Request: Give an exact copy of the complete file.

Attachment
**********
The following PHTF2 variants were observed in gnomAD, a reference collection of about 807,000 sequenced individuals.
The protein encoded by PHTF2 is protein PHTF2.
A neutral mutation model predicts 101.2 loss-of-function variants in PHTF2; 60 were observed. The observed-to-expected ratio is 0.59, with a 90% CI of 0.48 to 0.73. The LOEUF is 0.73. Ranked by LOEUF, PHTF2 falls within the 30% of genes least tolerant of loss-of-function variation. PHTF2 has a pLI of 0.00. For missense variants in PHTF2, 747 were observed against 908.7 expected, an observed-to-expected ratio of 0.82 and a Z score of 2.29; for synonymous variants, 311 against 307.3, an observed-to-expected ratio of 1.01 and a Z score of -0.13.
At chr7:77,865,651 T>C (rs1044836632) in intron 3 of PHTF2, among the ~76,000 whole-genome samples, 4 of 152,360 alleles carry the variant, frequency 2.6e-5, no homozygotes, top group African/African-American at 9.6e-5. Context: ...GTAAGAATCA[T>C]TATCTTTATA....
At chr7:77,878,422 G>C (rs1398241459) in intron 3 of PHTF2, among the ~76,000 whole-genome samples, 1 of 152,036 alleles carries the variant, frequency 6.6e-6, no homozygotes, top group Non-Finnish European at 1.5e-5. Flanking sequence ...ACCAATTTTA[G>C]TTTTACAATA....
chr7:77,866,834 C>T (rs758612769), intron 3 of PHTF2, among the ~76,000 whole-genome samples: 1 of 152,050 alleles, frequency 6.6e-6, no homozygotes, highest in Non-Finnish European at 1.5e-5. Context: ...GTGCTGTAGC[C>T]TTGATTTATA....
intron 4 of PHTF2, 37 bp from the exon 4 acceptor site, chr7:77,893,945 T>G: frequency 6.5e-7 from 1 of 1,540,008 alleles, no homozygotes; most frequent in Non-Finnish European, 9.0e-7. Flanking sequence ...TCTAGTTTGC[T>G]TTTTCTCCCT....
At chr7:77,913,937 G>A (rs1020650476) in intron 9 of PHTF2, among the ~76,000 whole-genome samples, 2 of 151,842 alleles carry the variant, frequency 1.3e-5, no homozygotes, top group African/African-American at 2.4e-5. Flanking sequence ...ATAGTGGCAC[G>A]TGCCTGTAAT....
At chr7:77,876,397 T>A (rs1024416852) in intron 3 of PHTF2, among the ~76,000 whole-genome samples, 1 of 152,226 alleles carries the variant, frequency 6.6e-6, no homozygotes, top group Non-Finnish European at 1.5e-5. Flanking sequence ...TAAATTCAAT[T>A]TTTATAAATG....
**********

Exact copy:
The following PHTF2 variants were observed in gnomAD, a reference collection of about 807,000 sequenced individuals.
The protein encoded by PHTF2 is protein PHTF2.
A neutral mutation model predicts 101.2 loss-of-function variants in PHTF2; 60 were observed. The observed-to-expected ratio is 0.59, with a 90% CI of 0.48 to 0.73. The LOEUF is 0.73. Ranked by LOEUF, PHTF2 falls within the 30% of genes least tolerant of loss-of-function variation. PHTF2 has a pLI of 0.00. For missense variants in PHTF2, 747 were observed against 908.7 expected, an observed-to-expected ratio of 0.82 and a Z score of 2.29; for synonymous variants, 311 against 307.3, an observed-to-expected ratio of 1.01 and a Z score of -0.13.
At chr7:77,865,651 T>C (rs1044836632) in intron 3 of PHTF2, among the ~76,000 whole-genome samples, 4 of 152,360 alleles carry the variant, frequency 2.6e-5, no homozygotes, top group African/African-American at 9.6e-5. Context: ...GTAAGAATCA[T>C]TATCTTTATA....
At chr7:77,878,422 G>C (rs1398241459) in intron 3 of PHTF2, among the ~76,000 whole-genome samples, 1 of 152,036 alleles carries the variant, frequency 6.6e-6, no homozygotes, top group Non-Finnish European at 1.5e-5. Flanking sequence ...ACCAATTTTA[G>C]TTTTACAATA....
chr7:77,866,834 C>T (rs758612769), intron 3 of PHTF2, among the ~76,000 whole-genome samples: 1 of 152,050 alleles, frequency 6.6e-6, no homozygotes, highest in Non-Finnish European at 1.5e-5. Context: ...GTGCTGTAGC[C>T]TTGATTTATA....
intron 4 of PHTF2, 37 bp from the exon 4 acceptor site, chr7:77,893,945 T>G: frequency 6.5e-7 from 1 of 1,540,008 alleles, no homozygotes; most frequent in Non-Finnish European, 9.0e-7. Flanking sequence ...TCTAGTTTGC[T>G]TTTTCTCCCT....
At chr7:77,913,937 G>A (rs1020650476) in intron 9 of PHTF2, among the ~76,000 whole-genome samples, 2 of 151,842 alleles carry the variant, frequency 1.3e-5, no homozygotes, top group African/African-American at 2.4e-5. Flanking sequence ...ATAGTGGCAC[G>A]TGCCTGTAAT....
At chr7:77,876,397 T>A (rs1024416852) in intron 3 of PHTF2, among the ~76,000 whole-genome samples, 1 of 152,226 alleles carries the variant, frequency 6.6e-6, no homozygotes, top group Non-Finnish European at 1.5e-5. Flanking sequence ...TAAATTCAAT[T>A]TTTATAAATG....